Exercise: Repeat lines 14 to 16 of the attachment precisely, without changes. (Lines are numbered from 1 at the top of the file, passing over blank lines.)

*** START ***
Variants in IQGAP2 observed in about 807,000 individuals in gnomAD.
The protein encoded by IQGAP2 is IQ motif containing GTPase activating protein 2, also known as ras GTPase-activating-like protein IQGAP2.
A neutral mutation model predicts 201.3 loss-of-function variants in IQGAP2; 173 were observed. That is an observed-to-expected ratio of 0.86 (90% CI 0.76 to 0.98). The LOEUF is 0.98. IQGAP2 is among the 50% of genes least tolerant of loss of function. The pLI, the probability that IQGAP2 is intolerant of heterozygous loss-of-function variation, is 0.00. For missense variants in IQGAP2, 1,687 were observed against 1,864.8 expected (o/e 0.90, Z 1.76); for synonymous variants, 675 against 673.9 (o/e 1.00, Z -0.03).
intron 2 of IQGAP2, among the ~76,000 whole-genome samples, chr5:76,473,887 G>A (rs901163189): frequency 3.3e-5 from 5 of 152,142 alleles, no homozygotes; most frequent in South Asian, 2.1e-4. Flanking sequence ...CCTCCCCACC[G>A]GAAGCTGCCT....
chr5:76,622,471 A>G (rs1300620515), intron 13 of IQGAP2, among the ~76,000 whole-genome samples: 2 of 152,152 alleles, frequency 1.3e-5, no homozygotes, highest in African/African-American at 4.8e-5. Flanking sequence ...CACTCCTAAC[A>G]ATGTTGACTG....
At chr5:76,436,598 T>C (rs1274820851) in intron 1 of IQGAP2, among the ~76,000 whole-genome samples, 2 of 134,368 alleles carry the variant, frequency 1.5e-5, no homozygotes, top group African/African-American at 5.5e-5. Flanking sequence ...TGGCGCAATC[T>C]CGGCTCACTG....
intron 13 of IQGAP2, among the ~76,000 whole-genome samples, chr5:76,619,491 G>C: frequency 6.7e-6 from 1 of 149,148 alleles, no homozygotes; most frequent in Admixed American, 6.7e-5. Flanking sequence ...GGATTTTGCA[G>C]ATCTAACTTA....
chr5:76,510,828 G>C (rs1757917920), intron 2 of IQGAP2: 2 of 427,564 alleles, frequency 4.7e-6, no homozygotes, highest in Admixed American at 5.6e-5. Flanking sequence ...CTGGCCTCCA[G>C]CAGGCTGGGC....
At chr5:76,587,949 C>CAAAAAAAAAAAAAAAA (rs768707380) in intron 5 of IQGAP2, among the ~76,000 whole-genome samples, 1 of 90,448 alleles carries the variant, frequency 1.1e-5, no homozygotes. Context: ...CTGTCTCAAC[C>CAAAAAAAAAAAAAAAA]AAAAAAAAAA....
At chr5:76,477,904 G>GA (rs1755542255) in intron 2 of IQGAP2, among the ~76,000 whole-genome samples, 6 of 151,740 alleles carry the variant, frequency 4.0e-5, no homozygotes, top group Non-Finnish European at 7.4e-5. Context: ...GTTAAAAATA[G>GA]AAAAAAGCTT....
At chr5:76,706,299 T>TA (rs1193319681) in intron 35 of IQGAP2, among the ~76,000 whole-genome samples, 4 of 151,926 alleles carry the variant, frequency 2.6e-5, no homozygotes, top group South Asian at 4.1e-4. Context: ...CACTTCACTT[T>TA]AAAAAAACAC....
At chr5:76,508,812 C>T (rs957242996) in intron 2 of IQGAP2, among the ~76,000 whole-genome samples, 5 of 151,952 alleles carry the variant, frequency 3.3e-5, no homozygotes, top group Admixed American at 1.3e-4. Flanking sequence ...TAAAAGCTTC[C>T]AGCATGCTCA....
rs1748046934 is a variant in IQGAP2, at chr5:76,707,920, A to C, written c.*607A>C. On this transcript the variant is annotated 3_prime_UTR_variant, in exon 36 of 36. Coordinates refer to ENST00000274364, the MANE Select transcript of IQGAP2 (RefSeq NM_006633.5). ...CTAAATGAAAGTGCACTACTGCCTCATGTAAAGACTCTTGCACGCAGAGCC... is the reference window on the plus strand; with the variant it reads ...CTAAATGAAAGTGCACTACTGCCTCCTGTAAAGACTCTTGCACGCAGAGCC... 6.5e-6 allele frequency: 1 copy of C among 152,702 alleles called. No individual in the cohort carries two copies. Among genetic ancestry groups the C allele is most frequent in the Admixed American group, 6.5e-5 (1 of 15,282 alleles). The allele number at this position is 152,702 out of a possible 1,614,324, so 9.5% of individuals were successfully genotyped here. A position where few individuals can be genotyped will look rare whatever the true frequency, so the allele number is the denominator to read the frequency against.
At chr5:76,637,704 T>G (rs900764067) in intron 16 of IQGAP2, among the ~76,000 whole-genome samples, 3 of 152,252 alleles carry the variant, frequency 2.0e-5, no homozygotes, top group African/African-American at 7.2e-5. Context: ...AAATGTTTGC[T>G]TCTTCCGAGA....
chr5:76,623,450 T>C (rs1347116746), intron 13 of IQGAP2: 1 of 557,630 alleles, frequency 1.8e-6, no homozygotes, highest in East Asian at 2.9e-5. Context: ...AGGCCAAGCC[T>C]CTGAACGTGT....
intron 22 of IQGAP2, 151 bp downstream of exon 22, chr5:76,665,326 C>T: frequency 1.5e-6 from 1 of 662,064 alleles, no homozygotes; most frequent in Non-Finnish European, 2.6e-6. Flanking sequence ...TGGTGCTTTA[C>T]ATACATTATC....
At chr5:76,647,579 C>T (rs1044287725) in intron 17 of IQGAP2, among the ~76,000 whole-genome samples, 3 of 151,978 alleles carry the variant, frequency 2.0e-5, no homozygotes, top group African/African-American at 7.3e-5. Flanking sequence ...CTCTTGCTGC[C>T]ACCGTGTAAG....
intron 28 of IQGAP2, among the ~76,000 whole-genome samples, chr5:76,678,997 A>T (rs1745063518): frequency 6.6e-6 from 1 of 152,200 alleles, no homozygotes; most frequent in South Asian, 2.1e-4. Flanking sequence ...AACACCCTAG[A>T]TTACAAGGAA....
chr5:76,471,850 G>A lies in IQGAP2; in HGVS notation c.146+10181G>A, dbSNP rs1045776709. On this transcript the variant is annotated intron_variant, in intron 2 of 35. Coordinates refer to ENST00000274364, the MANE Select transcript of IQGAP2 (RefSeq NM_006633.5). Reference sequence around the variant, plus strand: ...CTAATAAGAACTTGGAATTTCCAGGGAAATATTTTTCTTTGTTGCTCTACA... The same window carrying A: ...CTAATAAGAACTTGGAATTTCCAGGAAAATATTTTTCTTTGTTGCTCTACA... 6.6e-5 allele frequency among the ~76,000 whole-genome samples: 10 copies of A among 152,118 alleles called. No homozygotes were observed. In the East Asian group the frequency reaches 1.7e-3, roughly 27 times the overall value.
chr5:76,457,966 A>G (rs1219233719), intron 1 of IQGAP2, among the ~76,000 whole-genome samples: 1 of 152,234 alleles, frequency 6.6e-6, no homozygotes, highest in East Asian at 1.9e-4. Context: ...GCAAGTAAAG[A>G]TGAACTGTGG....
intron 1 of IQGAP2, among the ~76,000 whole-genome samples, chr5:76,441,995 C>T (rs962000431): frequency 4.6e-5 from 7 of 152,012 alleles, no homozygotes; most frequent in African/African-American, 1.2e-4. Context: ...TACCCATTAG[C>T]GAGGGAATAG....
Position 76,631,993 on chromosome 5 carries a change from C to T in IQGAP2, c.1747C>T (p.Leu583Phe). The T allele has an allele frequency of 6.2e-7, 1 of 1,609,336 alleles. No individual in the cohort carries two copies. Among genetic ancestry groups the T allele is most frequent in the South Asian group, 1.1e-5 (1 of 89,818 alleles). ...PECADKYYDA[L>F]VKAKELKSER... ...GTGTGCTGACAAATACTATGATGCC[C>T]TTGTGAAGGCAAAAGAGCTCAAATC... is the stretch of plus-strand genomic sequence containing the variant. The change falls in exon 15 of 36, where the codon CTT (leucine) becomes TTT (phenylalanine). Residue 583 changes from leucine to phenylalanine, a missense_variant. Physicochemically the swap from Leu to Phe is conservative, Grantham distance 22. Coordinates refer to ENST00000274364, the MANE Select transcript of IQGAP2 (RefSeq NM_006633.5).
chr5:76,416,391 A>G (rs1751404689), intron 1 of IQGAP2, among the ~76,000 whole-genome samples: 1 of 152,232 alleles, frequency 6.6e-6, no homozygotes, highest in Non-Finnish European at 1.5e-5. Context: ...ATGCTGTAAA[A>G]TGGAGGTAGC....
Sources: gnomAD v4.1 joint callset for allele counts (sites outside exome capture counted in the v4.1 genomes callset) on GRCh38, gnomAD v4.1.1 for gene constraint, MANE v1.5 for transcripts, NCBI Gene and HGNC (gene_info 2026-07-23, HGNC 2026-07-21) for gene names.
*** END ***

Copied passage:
At chr5:76,637,704 T>G (rs900764067) in intron 16 of IQGAP2, among the ~76,000 whole-genome samples, 3 of 152,252 alleles carry the variant, frequency 2.0e-5, no homozygotes, top group African/African-American at 7.2e-5. Context: ...AAATGTTTGC[T>G]TCTTCCGAGA....
chr5:76,623,450 T>C (rs1347116746), intron 13 of IQGAP2: 1 of 557,630 alleles, frequency 1.8e-6, no homozygotes, highest in East Asian at 2.9e-5. Context: ...AGGCCAAGCC[T>C]CTGAACGTGT....
intron 22 of IQGAP2, 151 bp downstream of exon 22, chr5:76,665,326 C>T: frequency 1.5e-6 from 1 of 662,064 alleles, no homozygotes; most frequent in Non-Finnish European, 2.6e-6. Flanking sequence ...TGGTGCTTTA[C>T]ATACATTATC....